What Hi-Fi (UK)

Oneplus 9 Pro

This premium, feature-packed smartphone won’t break the budget

-

A premium build Android smartphone with the best technology and no trade-offs, at a lower price than other flagship mobiles – that’s the promise of the Oneplus 9 Pro. It certainly looks the part – the 9 Pro is a 5G phone fitted with a bold 6.7in AMOLED display ready to whip up HDR video and lossless file music entertainm­ent on the go.

The Oneplus 9 Pro is available in three finishes. The Stellar Black and Morning Mist options cost £829 and come with 8GB RAM and 128GB of storage, whereas the Pine Green version costs £929 and has 12GB RAM and 256GB of storage.

Fits the flagship name

The Oneplus 9 Pro’s 6.7in screen and the 2.2mm aluminium frame design is fitting of the flagship name, as is the curved Gorilla Glass. It’s IP68 rated too, meaning it is water-, dust- and dirt-resistant.

On the left side is the volume rocker and on the right is the power button and a three-way slider switch to select between silent, vibrate and ring profiles. The fingerprin­t reader is at the bottom of the display and the software allows for face unlocking too. As is often the case these days, there’s no 3.5mm headphones socket – it’s USB-C only. The mighty looking four-camera set-up has been designed in conjunctio­n with Swedish photograph­ic giant Hasselblad – it recorded man’s arrival on the Moon, so should be able to make something Instagramm­able out of your staycation. The cameras make quite the lump on the rear of the device, to the point where it feels a little top heavy to hold. Combined with the sheer size of this phone, it means its best operated with two hands. If it’s a big phone you want, that screen’s going to be important, and the 6.7in AMOLED on the 9 Pro is built with many of the mod-cons you’d expect. Its 1440 x 3216 resolution, 525ppi, QHD+ arrangemen­t makes for a 21:9 aspect ratio. It is Hdr10+-enabled, and there is support for most video formats. It is capable of 10-bit colour depth and a dynamic refresh rate up to 120Hz which can be controlled to bring that battery-sapping speed down.

On the audio front, there’s no wanting for file format support, with both Apple lossless and FLAC represente­d as well as the usual suspects. If you prefer your music wireless, there is Bluetooth 5.2, with aptx HD, and the device is certified at up to 24-bit/96 khz bitrates. The Sonydevelo­ped hi-res audio code LDAC technology is also on board.

All of this is orchestrat­ed by the Qualcomm Snapdragon 888 chip which makes mincemeat of any task we throw its way. All that engine, screen and multimedia fun come at a fair cost to the battery, though. You won’t get much more than a day’s use out of this device before you need to recharge.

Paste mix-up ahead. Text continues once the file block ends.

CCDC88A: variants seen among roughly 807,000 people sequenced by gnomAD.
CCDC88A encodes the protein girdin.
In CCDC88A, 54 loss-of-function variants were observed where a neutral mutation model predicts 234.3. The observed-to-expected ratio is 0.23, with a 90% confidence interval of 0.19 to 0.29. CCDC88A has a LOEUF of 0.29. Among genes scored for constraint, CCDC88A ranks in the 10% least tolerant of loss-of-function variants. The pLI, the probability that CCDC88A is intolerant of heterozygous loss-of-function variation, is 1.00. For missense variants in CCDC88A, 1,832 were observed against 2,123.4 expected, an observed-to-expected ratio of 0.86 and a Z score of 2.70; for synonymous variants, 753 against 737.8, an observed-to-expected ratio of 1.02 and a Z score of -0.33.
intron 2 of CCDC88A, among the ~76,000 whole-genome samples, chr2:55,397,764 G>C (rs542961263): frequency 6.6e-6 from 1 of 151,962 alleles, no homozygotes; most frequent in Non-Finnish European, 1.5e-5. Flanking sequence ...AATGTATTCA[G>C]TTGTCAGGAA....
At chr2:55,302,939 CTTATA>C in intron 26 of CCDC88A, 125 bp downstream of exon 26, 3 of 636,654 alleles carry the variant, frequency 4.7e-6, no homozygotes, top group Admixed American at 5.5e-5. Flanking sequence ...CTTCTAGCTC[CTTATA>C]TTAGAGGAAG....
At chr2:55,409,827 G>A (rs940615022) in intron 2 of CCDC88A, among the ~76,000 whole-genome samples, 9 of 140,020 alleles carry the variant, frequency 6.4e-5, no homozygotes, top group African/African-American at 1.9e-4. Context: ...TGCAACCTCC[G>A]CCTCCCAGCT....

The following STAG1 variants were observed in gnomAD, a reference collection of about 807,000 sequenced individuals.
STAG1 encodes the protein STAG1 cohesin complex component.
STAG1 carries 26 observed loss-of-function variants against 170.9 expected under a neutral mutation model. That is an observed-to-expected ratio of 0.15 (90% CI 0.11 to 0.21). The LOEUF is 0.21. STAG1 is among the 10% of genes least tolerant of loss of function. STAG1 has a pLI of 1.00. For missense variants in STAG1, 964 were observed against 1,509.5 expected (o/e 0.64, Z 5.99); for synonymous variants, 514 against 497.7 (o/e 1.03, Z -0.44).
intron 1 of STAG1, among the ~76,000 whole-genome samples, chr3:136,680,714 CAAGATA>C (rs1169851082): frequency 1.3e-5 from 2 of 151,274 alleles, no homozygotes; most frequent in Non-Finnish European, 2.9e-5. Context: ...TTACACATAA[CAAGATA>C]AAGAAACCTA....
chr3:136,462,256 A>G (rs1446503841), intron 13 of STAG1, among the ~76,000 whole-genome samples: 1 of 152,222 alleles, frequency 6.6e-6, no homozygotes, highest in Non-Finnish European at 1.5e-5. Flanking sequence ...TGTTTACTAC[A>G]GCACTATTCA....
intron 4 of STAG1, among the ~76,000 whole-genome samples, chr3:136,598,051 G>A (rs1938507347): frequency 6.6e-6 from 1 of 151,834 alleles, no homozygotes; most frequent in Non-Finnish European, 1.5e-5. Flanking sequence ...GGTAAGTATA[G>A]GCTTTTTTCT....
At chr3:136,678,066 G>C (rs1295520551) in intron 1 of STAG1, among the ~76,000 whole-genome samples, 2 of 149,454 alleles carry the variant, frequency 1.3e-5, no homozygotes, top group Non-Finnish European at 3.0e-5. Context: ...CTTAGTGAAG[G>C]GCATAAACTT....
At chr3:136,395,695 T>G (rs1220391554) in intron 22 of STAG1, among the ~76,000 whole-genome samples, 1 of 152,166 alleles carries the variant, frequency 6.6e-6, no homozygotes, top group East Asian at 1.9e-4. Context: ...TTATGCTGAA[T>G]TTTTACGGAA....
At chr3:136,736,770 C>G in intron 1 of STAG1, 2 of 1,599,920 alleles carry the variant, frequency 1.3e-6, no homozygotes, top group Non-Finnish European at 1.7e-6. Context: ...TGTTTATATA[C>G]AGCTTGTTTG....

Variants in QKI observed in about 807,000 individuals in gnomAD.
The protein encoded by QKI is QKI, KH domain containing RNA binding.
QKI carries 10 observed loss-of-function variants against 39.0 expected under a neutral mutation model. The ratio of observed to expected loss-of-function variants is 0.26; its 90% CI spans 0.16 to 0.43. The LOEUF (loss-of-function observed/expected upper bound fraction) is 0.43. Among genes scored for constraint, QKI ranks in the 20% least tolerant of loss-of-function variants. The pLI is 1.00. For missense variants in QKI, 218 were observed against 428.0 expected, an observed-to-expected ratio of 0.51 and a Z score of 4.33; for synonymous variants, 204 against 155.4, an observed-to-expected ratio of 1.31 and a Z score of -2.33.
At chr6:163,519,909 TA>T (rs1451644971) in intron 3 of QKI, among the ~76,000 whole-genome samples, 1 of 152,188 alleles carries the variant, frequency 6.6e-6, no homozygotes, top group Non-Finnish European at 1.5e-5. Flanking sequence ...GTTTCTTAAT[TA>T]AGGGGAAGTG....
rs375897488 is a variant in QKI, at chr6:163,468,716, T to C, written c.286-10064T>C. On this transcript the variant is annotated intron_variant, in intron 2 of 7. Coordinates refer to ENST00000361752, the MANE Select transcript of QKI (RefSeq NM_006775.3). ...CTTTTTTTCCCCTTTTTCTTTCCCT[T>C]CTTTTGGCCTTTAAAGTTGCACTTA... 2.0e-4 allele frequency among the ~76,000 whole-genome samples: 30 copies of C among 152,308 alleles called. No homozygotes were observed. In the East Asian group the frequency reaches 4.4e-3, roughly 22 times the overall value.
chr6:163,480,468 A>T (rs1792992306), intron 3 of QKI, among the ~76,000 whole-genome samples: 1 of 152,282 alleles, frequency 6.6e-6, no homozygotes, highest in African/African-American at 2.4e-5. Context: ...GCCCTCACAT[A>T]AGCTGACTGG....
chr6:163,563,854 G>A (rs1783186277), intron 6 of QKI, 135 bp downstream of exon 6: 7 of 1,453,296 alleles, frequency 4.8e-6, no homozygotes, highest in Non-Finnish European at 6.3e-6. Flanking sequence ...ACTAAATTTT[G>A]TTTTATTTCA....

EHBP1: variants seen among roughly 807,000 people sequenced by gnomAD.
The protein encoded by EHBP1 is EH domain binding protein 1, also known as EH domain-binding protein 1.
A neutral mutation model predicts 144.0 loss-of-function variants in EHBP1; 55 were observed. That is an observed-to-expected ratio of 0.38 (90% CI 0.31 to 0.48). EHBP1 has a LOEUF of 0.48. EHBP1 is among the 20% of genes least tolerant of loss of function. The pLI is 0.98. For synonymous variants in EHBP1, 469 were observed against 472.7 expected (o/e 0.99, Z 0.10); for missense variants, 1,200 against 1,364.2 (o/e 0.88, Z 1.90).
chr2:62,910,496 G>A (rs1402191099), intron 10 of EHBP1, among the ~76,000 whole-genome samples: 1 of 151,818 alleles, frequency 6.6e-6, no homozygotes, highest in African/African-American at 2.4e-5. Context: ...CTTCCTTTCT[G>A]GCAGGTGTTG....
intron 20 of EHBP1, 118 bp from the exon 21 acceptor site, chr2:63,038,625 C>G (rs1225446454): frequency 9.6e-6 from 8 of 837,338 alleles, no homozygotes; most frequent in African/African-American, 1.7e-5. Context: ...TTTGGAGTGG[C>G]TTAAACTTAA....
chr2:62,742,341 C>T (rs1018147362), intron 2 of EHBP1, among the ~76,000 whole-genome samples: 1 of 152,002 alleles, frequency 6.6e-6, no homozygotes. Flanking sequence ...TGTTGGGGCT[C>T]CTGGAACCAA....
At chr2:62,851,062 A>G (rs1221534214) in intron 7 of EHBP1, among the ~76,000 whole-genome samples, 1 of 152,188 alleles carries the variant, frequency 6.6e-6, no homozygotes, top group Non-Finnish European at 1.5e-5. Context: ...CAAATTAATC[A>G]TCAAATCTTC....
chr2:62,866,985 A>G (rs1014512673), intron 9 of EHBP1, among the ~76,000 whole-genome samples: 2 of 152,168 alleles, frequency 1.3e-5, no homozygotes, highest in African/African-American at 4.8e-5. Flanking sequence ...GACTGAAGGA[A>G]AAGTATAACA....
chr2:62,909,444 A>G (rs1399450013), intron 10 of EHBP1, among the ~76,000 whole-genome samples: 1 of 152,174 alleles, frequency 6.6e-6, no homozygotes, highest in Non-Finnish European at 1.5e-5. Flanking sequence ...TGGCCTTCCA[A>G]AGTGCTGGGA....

The front face of the Oneplus 9 Pro experience is the company’s Oxygen OS version 11. It’s a light and unobtrusiv­e skin which allows you to more or less strip right back to Android 11.

We watch The Witcher in HDR on Netflix and are impressed with the results. Despite the moody aesthetic, nothing is blown out or lost to the shadows. A scene in a dingy tavern pierced by shafts of daylight is a good example of the Oneplus’s handling of detail. Every part is brought out nicely by the 9 Pro, despite the anti-hero skulking in the gloomiest corner. His leather epaulettes, his chiselled face and the details of the stonework behind him are brilliantl­y clear. You’ll struggle to find a mobile phone at this price, with this size screen, that can do HDR better.

Beaten for black depth

However, there are some areas where this performanc­e is beaten, including black depth. The quest for brightness and dark detail delivery means that those blacks aren’t as pure as they might be compared with the similarly priced but smaller 6.1in Sony Xperia 5 II. Where the 9 Pro has an edge, though, is with sheer scale; there’s a lot to be said for a bigger screen for watching on the go. It may not have the best screen tech, but it still makes for enjoyable viewing.

The base level of audio on the Oneplus 9 Pro is not the most exciting, but the Dolby Atmos processing on the Music preset adds an impression of the missing dynamism. Listening to Fortunate Son by Creedence Clearwater Revival, there’s a sense of John Fogerty’s crackling voice, the humming bassline and the twangs of the lead guitar, but it’s less thrilling than it should be. It’s a clean enough sound that reveals most of the details of the track and offers a healthy, if uninspirin­g, representa­tion across the tonal range.

The Oneplus 9 Pro is a compelling way of getting top features and a decent video performanc­e from a smartphone, without paying a flagship premium. All that stands in the way of true greatness is a little more finesse with video and a better than average music performanc­e.

 ??  ??
 ??  ??

Newspapers in English

Newspapers from United Kingdom